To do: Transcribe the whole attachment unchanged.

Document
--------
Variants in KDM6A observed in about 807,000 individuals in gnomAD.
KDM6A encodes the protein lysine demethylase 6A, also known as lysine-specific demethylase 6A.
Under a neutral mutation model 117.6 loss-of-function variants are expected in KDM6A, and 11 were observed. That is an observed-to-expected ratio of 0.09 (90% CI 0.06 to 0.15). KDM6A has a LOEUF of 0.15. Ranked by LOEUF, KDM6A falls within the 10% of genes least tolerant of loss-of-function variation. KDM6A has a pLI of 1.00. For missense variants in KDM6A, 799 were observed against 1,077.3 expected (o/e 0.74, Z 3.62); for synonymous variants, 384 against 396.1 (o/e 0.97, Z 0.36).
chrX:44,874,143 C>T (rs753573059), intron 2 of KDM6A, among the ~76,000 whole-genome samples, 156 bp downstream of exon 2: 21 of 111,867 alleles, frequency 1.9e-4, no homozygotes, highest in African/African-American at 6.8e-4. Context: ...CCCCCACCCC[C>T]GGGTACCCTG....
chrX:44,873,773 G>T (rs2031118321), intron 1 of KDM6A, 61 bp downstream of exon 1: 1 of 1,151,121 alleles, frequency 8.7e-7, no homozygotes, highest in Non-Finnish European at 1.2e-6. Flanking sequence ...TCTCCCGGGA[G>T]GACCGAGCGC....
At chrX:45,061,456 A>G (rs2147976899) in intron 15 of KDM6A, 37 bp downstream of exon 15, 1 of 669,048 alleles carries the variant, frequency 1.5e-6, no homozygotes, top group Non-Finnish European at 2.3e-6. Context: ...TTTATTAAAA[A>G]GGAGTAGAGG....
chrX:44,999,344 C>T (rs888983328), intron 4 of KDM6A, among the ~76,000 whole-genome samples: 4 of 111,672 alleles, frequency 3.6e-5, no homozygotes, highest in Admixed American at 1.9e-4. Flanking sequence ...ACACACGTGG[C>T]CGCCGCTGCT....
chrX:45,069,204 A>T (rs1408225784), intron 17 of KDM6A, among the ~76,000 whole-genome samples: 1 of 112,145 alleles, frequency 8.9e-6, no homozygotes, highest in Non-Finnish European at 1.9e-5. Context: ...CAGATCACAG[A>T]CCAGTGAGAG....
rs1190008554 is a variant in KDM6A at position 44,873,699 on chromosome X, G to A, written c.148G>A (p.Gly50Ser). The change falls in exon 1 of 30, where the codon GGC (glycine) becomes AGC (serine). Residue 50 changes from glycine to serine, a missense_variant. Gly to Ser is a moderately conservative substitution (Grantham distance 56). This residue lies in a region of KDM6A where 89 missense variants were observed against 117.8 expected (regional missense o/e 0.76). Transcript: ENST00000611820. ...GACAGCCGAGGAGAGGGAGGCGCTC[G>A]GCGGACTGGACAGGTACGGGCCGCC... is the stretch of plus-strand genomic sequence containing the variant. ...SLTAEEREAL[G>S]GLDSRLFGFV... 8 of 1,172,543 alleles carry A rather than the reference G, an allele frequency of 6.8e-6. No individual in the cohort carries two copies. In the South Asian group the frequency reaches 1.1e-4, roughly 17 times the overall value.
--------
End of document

Variants in KDM6A observed in about 807,000 individuals in gnomAD.
KDM6A encodes the protein lysine demethylase 6A, also known as lysine-specific demethylase 6A.
Under a neutral mutation model 117.6 loss-of-function variants are expected in KDM6A, and 11 were observed. That is an observed-to-expected ratio of 0.09 (90% CI 0.06 to 0.15). KDM6A has a LOEUF of 0.15. Ranked by LOEUF, KDM6A falls within the 10% of genes least tolerant of loss-of-function variation. KDM6A has a pLI of 1.00. For missense variants in KDM6A, 799 were observed against 1,077.3 expected (o/e 0.74, Z 3.62); for synonymous variants, 384 against 396.1 (o/e 0.97, Z 0.36).
chrX:44,874,143 C>T (rs753573059), intron 2 of KDM6A, among the ~76,000 whole-genome samples, 156 bp downstream of exon 2: 21 of 111,867 alleles, frequency 1.9e-4, no homozygotes, highest in African/African-American at 6.8e-4. Context: ...CCCCCACCCC[C>T]GGGTACCCTG....
chrX:44,873,773 G>T (rs2031118321), intron 1 of KDM6A, 61 bp downstream of exon 1: 1 of 1,151,121 alleles, frequency 8.7e-7, no homozygotes, highest in Non-Finnish European at 1.2e-6. Flanking sequence ...TCTCCCGGGA[G>T]GACCGAGCGC....
At chrX:45,061,456 A>G (rs2147976899) in intron 15 of KDM6A, 37 bp downstream of exon 15, 1 of 669,048 alleles carries the variant, frequency 1.5e-6, no homozygotes, top group Non-Finnish European at 2.3e-6. Context: ...TTTATTAAAA[A>G]GGAGTAGAGG....
chrX:44,999,344 C>T (rs888983328), intron 4 of KDM6A, among the ~76,000 whole-genome samples: 4 of 111,672 alleles, frequency 3.6e-5, no homozygotes, highest in Admixed American at 1.9e-4. Flanking sequence ...ACACACGTGG[C>T]CGCCGCTGCT....
chrX:45,069,204 A>T (rs1408225784), intron 17 of KDM6A, among the ~76,000 whole-genome samples: 1 of 112,145 alleles, frequency 8.9e-6, no homozygotes, highest in Non-Finnish European at 1.9e-5. Context: ...CAGATCACAG[A>T]CCAGTGAGAG....
rs1190008554 is a variant in KDM6A at position 44,873,699 on chromosome X, G to A, written c.148G>A (p.Gly50Ser). The change falls in exon 1 of 30, where the codon GGC (glycine) becomes AGC (serine). Residue 50 changes from glycine to serine, a missense_variant. Gly to Ser is a moderately conservative substitution (Grantham distance 56). This residue lies in a region of KDM6A where 89 missense variants were observed against 117.8 expected (regional missense o/e 0.76). Transcript: ENST00000611820. ...GACAGCCGAGGAGAGGGAGGCGCTC[G>A]GCGGACTGGACAGGTACGGGCCGCC... is the stretch of plus-strand genomic sequence containing the variant. ...SLTAEEREAL[G>S]GLDSRLFGFV... 8 of 1,172,543 alleles carry A rather than the reference G, an allele frequency of 6.8e-6. No individual in the cohort carries two copies. In the South Asian group the frequency reaches 1.1e-4, roughly 17 times the overall value.